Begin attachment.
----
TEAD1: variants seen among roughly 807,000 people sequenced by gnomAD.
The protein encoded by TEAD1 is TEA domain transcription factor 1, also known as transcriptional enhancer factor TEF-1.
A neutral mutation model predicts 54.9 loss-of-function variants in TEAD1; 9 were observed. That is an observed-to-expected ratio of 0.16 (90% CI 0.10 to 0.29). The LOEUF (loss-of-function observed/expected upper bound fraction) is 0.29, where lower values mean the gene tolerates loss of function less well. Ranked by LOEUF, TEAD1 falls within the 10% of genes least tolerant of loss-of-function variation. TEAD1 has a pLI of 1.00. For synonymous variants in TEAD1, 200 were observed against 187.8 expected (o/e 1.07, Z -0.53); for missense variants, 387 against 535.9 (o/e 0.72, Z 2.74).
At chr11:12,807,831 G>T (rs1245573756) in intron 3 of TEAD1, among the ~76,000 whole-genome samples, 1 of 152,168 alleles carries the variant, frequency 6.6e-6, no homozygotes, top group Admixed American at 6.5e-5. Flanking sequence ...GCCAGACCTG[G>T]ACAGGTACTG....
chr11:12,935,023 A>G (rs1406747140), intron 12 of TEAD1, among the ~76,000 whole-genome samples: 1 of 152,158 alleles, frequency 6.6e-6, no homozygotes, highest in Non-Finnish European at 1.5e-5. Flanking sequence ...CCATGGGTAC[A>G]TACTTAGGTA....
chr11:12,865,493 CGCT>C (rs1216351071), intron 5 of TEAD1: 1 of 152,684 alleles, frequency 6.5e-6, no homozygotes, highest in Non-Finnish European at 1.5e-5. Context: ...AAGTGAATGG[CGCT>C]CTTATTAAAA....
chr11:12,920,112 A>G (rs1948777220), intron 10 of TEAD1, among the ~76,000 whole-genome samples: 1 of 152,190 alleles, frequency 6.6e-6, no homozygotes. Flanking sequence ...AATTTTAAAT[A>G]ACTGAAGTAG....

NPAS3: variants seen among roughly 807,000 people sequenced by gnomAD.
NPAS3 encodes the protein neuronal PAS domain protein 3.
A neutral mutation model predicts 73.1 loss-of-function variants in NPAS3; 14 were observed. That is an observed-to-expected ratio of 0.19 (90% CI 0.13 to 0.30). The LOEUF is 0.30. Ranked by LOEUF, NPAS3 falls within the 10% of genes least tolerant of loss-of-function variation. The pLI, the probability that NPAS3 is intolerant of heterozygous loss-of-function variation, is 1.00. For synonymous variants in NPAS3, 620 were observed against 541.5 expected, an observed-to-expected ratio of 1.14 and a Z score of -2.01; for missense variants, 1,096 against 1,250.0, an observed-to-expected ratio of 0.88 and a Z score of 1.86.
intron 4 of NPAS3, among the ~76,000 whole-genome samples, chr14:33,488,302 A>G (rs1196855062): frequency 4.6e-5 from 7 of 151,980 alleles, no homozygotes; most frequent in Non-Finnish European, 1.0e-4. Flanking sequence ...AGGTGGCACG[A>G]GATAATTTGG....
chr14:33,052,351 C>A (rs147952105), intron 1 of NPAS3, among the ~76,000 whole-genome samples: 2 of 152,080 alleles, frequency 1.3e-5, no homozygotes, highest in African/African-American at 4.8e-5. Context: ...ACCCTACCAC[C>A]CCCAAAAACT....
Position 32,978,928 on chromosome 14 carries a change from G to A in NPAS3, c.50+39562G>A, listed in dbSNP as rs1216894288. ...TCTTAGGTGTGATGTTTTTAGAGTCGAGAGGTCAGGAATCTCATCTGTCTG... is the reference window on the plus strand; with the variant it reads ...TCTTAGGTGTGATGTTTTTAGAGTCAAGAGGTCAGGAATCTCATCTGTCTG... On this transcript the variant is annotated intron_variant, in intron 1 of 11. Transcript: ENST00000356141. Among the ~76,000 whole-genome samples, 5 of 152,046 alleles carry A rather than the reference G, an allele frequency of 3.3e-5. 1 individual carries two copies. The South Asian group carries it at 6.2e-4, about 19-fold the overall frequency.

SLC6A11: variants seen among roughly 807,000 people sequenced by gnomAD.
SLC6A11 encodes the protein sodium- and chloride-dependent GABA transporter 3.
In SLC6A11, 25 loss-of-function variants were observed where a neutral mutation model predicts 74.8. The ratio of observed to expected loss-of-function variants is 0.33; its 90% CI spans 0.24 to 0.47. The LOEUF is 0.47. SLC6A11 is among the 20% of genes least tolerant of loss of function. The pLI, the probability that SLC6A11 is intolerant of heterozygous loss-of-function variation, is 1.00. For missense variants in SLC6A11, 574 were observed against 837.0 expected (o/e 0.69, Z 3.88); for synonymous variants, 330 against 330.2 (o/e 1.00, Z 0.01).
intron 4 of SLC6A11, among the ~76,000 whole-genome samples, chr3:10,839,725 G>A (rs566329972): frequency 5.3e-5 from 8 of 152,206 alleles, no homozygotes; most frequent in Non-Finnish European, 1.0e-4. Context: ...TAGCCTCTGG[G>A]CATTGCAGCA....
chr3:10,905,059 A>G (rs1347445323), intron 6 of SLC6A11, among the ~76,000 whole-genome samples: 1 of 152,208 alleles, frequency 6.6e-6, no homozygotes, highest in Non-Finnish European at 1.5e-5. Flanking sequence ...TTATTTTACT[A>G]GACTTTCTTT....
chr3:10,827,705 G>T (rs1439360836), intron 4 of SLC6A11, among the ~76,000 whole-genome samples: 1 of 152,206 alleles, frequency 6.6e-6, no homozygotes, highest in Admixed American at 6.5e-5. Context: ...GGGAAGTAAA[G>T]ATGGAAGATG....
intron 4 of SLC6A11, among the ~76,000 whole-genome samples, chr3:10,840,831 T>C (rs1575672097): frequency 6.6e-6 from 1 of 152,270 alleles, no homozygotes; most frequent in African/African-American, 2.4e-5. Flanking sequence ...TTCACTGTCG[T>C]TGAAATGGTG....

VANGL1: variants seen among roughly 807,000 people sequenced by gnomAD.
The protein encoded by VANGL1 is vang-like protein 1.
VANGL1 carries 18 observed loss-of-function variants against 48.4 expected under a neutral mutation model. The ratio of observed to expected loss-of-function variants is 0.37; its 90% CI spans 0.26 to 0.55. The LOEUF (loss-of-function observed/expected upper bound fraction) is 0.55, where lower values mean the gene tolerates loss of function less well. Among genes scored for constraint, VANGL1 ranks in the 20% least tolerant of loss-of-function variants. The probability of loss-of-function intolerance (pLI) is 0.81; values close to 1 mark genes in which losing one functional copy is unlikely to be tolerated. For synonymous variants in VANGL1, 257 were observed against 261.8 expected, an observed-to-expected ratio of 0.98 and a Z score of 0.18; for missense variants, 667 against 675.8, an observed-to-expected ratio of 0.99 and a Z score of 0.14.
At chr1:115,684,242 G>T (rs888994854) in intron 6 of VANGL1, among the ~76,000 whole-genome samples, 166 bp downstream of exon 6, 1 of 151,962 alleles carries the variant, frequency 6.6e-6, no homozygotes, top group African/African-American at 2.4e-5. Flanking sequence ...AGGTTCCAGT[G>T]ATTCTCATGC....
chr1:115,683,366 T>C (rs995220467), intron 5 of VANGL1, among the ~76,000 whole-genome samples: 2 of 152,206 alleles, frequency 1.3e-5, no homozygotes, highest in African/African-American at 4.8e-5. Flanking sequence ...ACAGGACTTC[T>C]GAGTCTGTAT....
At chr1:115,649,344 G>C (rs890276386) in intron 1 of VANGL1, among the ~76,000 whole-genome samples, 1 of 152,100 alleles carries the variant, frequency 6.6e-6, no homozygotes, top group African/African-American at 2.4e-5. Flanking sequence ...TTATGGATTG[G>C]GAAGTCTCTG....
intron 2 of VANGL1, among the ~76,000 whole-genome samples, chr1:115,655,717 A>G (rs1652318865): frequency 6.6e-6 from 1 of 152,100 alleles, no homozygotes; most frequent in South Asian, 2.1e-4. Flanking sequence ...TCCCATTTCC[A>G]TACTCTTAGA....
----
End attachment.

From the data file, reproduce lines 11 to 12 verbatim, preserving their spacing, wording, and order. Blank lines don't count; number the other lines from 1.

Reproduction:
intron 4 of NPAS3, among the ~76,000 whole-genome samples, chr14:33,488,302 A>G (rs1196855062): frequency 4.6e-5 from 7 of 151,980 alleles, no homozygotes; most frequent in Non-Finnish European, 1.0e-4. Flanking sequence ...AGGTGGCACG[A>G]GATAATTTGG....
chr14:33,052,351 C>A (rs147952105), intron 1 of NPAS3, among the ~76,000 whole-genome samples: 2 of 152,080 alleles, frequency 1.3e-5, no homozygotes, highest in African/African-American at 4.8e-5. Context: ...ACCCTACCAC[C>A]CCCAAAAACT....